6. Notwithstanding the learned and persuasive arguments advanced before us by the Government Pleader appearing on behalf of the petitioner, we have unhesitatingly come to the conclusion that the decision rendered by the Tribunal on both the points is absolutely correct and does not call for any interference. The question whether the excise duty paid by the assessee directly to the Central excise department at the stage of removal of the petroleum products from its storage tanks which are licensed bonded warehouses for the purposes of the Central Excises Act and the Rules is liable to be treated as part of the purchase turnover of the assessee is directly covered by the decision of the Supreme Court in McDowell & Co. Ltd. v. Commercial Tax Officer  39 S.T.C. 151 (S.C.). The provisions of the Andhra Pradesh Excise Act which have been referred to in the judgment of the Supreme Court and those contained in the Central Excises Act and the Rules whereunder the excise duty was paid by the assessee are in pari materia. Though the excise duty is an impost on the manufacture or production of goods and the primary liability therefor is on the manufacturer or producer, the Central Excises Act and the Rules cast a liability for payment of such duty on a purchaser who acquires the ownership of the goods and who has been permitted to store the goods in his bonded warehouses under the licence issued by the Central excise authorities. The payment made by such purchaser is on his own account in discharge of the liability cast on him by the statute and the rules. As held by the Supreme Court the amounts paid by the purchaser directly to the excise authorities by way of duty on the goods owned by him at the stage of their removal from the bonded warehouses cannot be treated as forming part of the taxable turnover in view of the definition of the expression 'turnover' contained in Section 2(xxvii) of the Act as meaning (omitting unnecessary words) the aggregate amount for which goods are either bought or sold. The excise duty paid by the assessee to the Central excise authorities cannot, in any sense, be regarded as forming a component part of the price for which the goods were bought by the assessee from the Indian Oil Corporation. This position has been placed before us beyond doubt by the observations of the Supreme Court in the ruling aforecited. Accordingly, we hold that the Tribunal was perfectly right in holding that the amount of excise duty paid by the assessee is not liable to be included in the taxable turnover of the assessee for the purpose of Section 5A of the Act.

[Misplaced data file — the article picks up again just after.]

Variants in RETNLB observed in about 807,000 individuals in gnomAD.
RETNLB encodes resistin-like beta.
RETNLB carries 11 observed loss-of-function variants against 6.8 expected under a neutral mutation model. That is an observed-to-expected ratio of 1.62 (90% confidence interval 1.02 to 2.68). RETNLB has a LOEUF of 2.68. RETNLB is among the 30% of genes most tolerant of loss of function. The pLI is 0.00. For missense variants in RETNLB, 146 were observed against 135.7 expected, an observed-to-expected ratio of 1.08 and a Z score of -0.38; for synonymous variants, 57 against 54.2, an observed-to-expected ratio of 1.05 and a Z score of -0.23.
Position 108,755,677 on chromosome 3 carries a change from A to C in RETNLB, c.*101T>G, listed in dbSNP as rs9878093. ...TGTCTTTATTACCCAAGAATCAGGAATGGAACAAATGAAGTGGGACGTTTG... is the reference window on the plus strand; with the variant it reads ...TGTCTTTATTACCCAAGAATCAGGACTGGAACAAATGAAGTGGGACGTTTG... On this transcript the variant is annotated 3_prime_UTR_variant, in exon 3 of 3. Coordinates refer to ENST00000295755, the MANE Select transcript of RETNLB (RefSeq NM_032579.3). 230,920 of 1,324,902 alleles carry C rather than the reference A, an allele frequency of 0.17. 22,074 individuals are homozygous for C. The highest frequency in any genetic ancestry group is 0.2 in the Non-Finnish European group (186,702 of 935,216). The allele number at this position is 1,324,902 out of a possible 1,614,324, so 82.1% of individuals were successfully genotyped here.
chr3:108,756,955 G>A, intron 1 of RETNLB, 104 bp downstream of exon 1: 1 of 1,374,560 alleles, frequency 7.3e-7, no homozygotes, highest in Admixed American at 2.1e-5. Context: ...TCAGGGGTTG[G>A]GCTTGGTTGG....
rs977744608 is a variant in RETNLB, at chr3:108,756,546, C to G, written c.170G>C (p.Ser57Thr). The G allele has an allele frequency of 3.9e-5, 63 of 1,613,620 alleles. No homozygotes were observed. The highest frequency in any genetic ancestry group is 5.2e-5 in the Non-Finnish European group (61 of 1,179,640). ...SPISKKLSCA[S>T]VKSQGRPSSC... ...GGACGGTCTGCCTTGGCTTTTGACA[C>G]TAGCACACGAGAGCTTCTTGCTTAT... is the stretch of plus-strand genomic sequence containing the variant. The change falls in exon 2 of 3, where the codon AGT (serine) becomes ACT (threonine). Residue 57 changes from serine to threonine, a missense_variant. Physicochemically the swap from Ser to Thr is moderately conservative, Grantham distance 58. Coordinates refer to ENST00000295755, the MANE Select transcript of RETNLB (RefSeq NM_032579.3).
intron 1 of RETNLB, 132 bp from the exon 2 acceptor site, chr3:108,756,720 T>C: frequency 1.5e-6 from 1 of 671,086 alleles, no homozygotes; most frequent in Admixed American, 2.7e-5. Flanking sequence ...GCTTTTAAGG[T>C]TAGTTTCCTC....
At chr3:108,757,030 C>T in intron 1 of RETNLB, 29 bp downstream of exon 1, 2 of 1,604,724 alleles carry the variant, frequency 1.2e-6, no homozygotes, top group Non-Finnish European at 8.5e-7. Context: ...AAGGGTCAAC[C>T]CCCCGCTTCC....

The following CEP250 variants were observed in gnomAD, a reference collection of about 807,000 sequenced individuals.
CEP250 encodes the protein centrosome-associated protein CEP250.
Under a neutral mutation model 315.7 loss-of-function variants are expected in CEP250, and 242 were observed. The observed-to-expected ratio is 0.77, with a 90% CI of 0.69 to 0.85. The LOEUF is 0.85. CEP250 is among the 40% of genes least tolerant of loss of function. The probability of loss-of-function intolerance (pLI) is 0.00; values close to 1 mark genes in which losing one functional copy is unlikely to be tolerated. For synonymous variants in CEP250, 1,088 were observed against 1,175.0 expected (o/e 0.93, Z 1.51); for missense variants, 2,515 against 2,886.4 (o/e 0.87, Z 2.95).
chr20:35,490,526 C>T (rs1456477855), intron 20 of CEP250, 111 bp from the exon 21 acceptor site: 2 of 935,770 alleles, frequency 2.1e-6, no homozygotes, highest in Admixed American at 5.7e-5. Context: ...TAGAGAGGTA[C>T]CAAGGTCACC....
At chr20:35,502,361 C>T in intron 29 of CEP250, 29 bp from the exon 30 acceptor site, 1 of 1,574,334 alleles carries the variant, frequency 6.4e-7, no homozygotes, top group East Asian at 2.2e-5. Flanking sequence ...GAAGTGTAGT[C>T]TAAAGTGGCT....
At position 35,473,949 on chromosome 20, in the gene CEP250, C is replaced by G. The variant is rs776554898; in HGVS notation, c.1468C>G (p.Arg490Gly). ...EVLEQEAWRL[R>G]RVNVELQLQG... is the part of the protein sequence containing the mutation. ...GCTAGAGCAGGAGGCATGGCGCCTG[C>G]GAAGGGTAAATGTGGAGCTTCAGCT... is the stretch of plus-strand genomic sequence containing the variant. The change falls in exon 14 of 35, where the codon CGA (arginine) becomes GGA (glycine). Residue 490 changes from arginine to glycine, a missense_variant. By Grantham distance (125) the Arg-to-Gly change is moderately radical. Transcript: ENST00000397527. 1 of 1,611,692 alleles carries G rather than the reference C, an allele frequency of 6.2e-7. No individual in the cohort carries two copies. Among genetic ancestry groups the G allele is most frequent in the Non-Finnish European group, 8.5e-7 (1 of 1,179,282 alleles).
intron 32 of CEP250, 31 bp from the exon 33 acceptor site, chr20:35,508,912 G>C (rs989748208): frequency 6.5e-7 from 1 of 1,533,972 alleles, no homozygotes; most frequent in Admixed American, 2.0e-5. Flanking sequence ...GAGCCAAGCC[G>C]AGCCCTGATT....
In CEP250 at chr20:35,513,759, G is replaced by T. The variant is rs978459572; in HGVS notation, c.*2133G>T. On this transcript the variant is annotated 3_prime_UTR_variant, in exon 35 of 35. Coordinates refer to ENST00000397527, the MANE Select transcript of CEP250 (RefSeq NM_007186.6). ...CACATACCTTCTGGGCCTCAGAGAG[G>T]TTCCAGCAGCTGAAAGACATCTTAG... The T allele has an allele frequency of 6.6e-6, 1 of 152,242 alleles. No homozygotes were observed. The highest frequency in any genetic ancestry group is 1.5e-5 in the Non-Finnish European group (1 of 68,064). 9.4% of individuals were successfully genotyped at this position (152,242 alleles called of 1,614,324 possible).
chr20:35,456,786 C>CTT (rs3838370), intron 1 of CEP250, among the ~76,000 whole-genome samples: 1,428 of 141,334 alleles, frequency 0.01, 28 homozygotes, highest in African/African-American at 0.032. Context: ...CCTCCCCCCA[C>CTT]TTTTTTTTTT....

7. The second question relating to the entitlement of the assessee to the benefit of the concessional rate of taxation in relation to the turnover of sales of naphtha effected by it is also now directly covered by the decision of a Division Bench of this Court in Deputy Commissioner of Sales Tax v. Bharat Refineries Ltd.  42 S.T.C. 225, wherein this Court had occasion to consider the identical question in relation to the same assessee while dealing with revision petitions arising out of the assessments made against the assessee for the years 1970-71 to 1972-73. It was held that naphtha and chemical fertilisers being goods specified in the First Schedule to the Act and the assessee having sold naphtha to a manufacturer of chemical fertilisers and furnished the declarations obtained from the purchaser as required by the proviso to Section 5(3) of the Act, the assessee could not be denied the benefit of the concessional rate merely on the ground that there could be no use of naphtha directly in the manufacture of chemical fertilisers and it was only used as fuel for producing hydrogen, which, in turn, was used for the manufacture of the chemical fertilisers. We are in respectful agreement with the said pronouncement. Accordingly we uphold the finding of the Tribunal that the assessee is entitled to the benefit of the concessional rate of taxation at 1 per cent in respect of the turnover relating to sales of naphtha effected by it to M/s. Fertilizers and Chemicals Travancore Ltd.
The revision petition accordingly fails and it is dismissed. The parties will bear their respective costs.
Immediately after the pronouncement of the judgment in this case, the learned Government Pleader made an oral request under Article 134-A of the Constitution for the grant of a certificate under Article 133(1) to enable the State to prefer appeals before the Supreme Court. We are not, however, inclined to accede to the said request since the first question is already covered by a direct pronouncement of the Supreme Court, to which we have made reference in the judgment, and the second question cannot be said to be a substantial question of law, on which a pronouncement of the Supreme Court is needed. Accordingly, the request for grant of a certificate is declined.